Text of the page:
It is not contended here, as it was in the district court, that the Monfiore was free from fault. It is, rather, its position that the evidence required a finding of mutual fault with an equal division of damages under what has been referred to as "our obstinate cleaving to the ancient rule which has been abrogated by nearly all civilized nations." National Bulk Carriers v. United States, 2nd Cir. 1950, 183 F.2d 405, 410, cert. den. 340 U.S. 865, 71 S. Ct. 89, 95 L. Ed. 631. The classic statement of the rule, asserted by the proctors who urge the claim on behalf of the Monfiore, is cast in these words:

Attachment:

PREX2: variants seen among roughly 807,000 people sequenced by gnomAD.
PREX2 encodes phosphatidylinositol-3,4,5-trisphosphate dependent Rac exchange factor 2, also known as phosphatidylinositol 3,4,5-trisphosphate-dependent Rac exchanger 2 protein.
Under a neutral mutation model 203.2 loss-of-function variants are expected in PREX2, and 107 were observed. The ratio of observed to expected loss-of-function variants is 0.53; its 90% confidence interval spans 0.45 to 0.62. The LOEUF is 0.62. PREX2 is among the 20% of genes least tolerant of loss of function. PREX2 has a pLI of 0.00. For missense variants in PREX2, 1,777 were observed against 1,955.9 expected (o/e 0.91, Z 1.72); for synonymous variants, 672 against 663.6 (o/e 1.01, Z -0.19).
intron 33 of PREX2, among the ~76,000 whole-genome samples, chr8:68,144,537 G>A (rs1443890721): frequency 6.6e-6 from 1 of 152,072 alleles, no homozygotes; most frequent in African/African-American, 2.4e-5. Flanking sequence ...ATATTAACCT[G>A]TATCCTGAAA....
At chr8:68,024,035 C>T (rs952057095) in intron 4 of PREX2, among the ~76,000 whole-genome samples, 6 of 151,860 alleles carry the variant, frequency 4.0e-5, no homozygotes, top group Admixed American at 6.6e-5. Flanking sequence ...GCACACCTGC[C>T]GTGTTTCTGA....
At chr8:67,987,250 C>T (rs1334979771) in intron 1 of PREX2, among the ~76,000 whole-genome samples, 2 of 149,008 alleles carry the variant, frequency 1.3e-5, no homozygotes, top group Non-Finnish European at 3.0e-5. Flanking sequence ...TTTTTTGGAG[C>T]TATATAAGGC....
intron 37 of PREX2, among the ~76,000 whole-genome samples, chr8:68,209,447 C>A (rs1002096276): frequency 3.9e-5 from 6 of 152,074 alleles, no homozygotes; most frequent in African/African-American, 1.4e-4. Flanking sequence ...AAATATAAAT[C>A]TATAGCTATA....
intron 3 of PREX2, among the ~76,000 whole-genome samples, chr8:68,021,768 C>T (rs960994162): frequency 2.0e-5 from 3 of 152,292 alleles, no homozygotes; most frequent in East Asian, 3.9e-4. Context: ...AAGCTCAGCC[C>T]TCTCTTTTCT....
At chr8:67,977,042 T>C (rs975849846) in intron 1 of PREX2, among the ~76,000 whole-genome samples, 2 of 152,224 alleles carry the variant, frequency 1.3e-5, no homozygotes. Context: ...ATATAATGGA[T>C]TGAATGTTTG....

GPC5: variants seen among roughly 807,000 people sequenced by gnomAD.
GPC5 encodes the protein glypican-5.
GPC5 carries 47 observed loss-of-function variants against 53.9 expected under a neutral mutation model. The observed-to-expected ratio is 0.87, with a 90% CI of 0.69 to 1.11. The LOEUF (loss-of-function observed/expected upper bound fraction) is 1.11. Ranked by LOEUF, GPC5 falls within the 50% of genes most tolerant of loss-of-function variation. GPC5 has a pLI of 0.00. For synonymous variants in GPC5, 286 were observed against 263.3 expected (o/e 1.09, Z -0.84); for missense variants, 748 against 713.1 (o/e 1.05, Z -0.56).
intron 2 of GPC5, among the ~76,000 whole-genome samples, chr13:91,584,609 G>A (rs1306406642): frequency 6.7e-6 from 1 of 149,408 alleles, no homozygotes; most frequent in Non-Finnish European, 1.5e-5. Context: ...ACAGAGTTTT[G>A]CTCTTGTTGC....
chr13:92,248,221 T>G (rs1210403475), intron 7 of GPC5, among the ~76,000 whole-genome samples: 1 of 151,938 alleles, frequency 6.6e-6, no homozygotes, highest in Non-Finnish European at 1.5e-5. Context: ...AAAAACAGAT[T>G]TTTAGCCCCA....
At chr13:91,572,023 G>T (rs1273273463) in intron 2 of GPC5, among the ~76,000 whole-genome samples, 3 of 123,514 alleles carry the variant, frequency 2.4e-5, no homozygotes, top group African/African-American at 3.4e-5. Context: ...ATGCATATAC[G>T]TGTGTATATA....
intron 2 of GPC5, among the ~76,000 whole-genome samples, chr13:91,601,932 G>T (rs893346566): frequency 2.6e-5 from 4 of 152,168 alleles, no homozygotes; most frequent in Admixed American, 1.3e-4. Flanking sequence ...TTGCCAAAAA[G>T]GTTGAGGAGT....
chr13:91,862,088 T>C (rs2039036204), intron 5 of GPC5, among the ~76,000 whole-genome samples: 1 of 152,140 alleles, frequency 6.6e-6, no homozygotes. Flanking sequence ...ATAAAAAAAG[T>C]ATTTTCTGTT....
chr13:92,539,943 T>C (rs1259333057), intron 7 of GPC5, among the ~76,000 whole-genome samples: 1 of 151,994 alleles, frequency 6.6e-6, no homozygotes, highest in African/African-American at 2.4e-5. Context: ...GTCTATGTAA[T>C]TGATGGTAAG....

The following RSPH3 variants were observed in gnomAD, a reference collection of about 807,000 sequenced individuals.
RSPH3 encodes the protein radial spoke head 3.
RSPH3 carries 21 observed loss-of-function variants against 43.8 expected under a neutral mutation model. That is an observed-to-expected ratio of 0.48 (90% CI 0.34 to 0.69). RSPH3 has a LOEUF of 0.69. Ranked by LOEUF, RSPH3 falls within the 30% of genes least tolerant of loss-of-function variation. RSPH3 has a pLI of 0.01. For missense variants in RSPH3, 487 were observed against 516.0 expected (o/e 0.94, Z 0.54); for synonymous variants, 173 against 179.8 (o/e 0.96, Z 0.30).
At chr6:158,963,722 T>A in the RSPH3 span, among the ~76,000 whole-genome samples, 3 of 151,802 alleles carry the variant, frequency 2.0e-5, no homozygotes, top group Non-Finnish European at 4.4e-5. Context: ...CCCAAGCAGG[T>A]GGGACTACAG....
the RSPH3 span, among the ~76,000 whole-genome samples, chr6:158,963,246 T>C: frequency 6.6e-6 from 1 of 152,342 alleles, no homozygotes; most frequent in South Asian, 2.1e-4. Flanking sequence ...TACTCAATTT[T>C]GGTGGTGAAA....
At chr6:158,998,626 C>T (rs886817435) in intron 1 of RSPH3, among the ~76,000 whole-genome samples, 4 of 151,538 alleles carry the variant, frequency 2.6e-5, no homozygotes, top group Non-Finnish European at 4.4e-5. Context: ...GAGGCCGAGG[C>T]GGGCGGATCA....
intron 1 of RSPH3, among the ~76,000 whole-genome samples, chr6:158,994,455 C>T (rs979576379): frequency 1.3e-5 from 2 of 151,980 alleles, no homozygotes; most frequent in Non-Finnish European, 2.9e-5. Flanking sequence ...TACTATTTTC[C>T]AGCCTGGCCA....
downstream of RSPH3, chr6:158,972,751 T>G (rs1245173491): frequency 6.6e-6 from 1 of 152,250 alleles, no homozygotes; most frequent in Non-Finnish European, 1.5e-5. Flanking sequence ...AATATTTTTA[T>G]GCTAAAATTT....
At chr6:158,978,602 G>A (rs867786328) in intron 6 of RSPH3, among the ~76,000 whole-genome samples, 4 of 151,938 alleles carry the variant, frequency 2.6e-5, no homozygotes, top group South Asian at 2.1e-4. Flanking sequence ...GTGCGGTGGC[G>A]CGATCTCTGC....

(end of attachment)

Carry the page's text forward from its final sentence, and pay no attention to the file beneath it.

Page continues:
"When, as in this case, a ship at the time of a collision is in actual violation of a statutory rule intended to prevent collisions, it is no more than a reasonable presumption that the fault, if not the sole cause, was at least a contributory cause of the disaster. In such a case the burden rests upon the ship of showing not merely that her fault might not have been one of the causes, or that it probably was not, but that it could not have been." The Pennsylvania, 86 U.S. (19 Wall.) 125, 136, 22 L. Ed. 148.
For the Monfiore it is said that when it sounded its first danger signal, the Spirit of Liberty was under a statutory duty to stop and reverse engines and that its failure to do so was a fault which created an unrebutted presumption that the fault was or might have been a contributing cause of the collision.